Electricity house of the year: Engie

Energy Risk Awards 2018: For global energy firm focus is on anticipating client expectations, not just market trends

Mircea Caratas, Engie
Mircea Caratas, Engie Global Markets

Today’s power markets are undergoing a revolutionary change driven by shifting customer demands and technological advances. Throughout 2017, Engie Global Markets has remained at the cutting edge of this change, developing some innovative solutions to help its clients navigate the change. Key to its success is the firm’s ability to anticipate not just market changes but the “shifting expectations of clients with regard to how energy services ought to be delivered”, says Mircea Caratas, Paris-based chief commercial trading officer.

Technology is essential in developing innovative solutions and increasing operational efficiency, he adds. “[Investment in technology] is a one-way road now; there is no alternative in the energy market in general, or in the electricity market specifically; it’s becoming so reactive and liquid and greater automation is part of that market evolution. Today, developing automatic solutions in areas such as trading or balancing is a must.”

Remaining ahead of the game in terms of technological advancement is particularly important in the power markets as activity becomes more focused on the short term due to the transition towards the greater use of renewable sources of energy. “Investment in renewable energy – solar and wind power mainly – has transformed the market and, without understanding and having specific solutions to better forecast these renewable markets, it’s very difficult for players to be successful in today’s market,” he says.

In 2017, Engie has been active on both sides of this market – working with producers and consumers of renewable energy to offtake or provide renewable energy, as well as tailored risk-management solutions. “On the producing side, we work with the asset developers on long-term offtake facilities or contracts, committing Engie to offtake power over the long term at fixed prices, which helps developers to finance these assets,” Caratas says, explaining that the volume risk inherent in renewable energy production often makes it difficult for developers to secure a fixed price and therefore attract investor financing. “Engie has the capacity and the strong portfolio to be able to offload this risk over the long term, which typically means more than 10 years,” he continues.

Engie has the capacity and the strong portfolio to be able to offload this risk over the long term, which typically means more than 10 years

Mircea Caratas, Engie Global Markets

On the other side of the transaction, Engie can also offer end-users access to renewable energy on a long-term basis through the use of renewable power purchase agreements. “We place ourselves in the middle and take the risk on both sides – from the consumers who want to buy long-term green power contracts and from the producers trying to secure a long-term offtake for their projects.”

In addition to technology firms that want to secure green power for large, energy-intensive data centres, a growing number of industrials also want to power their facilities with renewables. For example, earlier this year Engie signed a five-year fixed price photovoltaic power supply deal with global building materials supplier Wienerberger to provide green electricity to four of its Italian brick production facilities.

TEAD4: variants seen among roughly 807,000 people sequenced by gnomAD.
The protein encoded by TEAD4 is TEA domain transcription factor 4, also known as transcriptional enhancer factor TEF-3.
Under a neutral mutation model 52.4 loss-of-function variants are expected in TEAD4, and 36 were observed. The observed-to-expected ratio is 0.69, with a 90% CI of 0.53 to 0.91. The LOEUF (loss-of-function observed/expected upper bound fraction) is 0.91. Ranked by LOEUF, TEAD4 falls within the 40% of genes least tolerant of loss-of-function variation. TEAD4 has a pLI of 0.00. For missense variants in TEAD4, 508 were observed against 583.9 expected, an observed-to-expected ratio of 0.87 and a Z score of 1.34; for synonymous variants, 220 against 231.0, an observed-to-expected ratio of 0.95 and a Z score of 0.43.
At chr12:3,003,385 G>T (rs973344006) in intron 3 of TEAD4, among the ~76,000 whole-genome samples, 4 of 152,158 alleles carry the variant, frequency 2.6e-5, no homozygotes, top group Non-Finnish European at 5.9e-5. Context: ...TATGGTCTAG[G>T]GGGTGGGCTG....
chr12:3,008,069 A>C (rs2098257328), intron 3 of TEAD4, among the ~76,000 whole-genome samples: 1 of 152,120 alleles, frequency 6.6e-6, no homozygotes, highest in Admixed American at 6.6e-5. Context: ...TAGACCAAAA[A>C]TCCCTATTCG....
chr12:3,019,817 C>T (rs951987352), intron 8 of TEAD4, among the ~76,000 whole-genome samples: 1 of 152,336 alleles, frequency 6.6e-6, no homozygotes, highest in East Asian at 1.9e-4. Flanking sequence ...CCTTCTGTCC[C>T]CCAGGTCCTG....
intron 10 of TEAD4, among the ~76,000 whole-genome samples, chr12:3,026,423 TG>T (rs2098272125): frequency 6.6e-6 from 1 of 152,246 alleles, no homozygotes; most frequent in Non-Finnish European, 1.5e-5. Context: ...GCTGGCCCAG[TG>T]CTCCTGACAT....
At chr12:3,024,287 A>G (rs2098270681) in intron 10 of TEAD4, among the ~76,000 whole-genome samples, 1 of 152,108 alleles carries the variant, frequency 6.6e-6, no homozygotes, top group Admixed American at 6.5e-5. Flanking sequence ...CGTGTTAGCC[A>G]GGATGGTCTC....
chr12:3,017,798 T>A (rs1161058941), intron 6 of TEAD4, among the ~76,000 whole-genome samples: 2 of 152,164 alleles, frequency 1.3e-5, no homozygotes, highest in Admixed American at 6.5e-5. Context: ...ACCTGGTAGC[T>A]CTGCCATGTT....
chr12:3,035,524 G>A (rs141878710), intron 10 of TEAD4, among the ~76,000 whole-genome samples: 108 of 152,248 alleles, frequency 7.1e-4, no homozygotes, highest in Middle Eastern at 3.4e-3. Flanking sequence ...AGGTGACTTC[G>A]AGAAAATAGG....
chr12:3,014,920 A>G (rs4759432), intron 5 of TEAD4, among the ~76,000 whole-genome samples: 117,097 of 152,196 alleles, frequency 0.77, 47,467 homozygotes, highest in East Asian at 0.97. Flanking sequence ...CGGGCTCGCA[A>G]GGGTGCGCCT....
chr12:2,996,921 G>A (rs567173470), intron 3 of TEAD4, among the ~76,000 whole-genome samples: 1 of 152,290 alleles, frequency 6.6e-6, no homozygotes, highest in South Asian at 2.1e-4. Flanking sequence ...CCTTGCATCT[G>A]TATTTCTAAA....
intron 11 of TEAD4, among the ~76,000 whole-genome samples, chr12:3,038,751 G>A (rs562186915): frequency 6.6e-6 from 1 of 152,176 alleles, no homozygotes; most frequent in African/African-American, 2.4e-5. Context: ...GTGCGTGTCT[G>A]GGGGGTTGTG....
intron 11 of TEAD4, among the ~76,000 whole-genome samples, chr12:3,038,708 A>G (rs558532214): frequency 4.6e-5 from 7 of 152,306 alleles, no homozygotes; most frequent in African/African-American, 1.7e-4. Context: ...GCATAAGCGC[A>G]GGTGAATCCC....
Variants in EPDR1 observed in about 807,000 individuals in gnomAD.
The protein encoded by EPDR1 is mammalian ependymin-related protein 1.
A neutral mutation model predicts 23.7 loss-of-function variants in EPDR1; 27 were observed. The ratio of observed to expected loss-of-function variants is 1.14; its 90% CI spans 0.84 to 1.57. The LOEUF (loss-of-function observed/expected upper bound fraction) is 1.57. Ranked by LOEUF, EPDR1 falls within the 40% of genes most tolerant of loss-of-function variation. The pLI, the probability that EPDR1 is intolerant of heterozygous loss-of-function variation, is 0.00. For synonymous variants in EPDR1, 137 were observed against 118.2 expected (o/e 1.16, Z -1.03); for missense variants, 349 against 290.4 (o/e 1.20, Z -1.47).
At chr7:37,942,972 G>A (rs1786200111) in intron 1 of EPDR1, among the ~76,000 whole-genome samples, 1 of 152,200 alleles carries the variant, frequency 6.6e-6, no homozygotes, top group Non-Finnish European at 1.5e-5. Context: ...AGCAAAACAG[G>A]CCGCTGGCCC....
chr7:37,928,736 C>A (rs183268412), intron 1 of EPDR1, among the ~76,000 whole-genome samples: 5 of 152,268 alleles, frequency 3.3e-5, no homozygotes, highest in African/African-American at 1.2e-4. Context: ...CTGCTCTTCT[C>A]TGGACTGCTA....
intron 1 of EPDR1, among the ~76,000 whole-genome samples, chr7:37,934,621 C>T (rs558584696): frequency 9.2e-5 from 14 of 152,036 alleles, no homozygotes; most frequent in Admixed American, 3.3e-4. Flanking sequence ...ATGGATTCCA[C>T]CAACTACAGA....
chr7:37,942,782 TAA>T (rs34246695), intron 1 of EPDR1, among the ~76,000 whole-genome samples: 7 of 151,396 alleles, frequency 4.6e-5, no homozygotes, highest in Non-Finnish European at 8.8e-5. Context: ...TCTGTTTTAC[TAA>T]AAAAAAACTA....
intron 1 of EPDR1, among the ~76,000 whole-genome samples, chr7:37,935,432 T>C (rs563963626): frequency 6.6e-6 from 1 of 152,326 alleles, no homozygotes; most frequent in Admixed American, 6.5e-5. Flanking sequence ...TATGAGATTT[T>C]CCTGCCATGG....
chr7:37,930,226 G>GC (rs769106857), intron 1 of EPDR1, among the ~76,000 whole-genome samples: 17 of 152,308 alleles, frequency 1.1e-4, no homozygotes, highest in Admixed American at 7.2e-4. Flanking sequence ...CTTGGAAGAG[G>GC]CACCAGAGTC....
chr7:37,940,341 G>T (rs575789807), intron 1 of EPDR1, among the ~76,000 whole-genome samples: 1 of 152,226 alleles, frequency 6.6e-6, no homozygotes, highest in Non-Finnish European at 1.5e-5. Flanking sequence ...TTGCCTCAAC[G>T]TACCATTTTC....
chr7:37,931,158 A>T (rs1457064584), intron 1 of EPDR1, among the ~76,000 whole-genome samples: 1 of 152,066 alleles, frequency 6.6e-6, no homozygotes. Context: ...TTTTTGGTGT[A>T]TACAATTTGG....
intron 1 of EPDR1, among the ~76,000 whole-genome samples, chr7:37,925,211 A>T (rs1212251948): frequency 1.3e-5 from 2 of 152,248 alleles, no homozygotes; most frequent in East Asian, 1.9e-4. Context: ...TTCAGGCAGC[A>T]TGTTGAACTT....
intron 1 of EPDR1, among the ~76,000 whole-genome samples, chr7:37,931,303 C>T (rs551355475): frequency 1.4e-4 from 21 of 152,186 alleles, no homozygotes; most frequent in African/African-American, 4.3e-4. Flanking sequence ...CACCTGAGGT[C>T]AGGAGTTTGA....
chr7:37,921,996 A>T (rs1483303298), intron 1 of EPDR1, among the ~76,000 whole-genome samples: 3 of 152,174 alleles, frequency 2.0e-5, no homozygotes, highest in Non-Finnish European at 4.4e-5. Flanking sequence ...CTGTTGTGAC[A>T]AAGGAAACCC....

Targeting another shift in the market – namely growing interest from investors in buying European energy assets – Engie now offers its asset management expertise “as a service” to new or non-traditional power market entrants. “All sorts of investment funds and private equity players are buying energy assets, such as power plants and storage from utilities, but many do not have the necessary resources to physically manage these assets effectively,” he says. “As intermittent renewable generation and price volatility drive value-creation on intraday markets, more counterparties have been drawn to this offering.” In 2017, for example, Engie structured deals for short-term optimisation and market access services for two power plants in Italy with capacities of 240 megawatt and 150MW.

Typical services provided to clients in this area include developing tailored strategies for trading intraday and day-ahead markets, using a jointly-defined algorithm to bid on generating capacity in order to maximise revenue, and managing the associated risks on behalf of the client. “Our traders implement strategies to optimise value across European markets in real time and clients receive a guaranteed baseline based on day-ahead gross margin, and a share of profits beyond said baseline at no extra risk,” Caratas explains, adding that this offering has global applications and is currently being developed for use in North America and in the burgeoning Chinese market.

In fact, following Engie’s January 2017 move into the North American market with a Houston gas trading platform that is now staffed by 55 people, its sights are now firmly set on China. The company already has a Chinese business unit separate to its current Asia-Pacific operations and, in time, plans to develop its gas and power market offering. Engie has signed a strategic cooperation agreement with Linyang Energy, which has 1.5 gigawatts of solar capacity in China. However, he says the first step into this market will be via carbon emissions trading. “We have started with carbon and will continue with activities in power and renewables, depending on the development of the market,” Caratas says, adding that Engie has already set up systems to trade the Shenzhen pilot emissions market from its Singapore platform.

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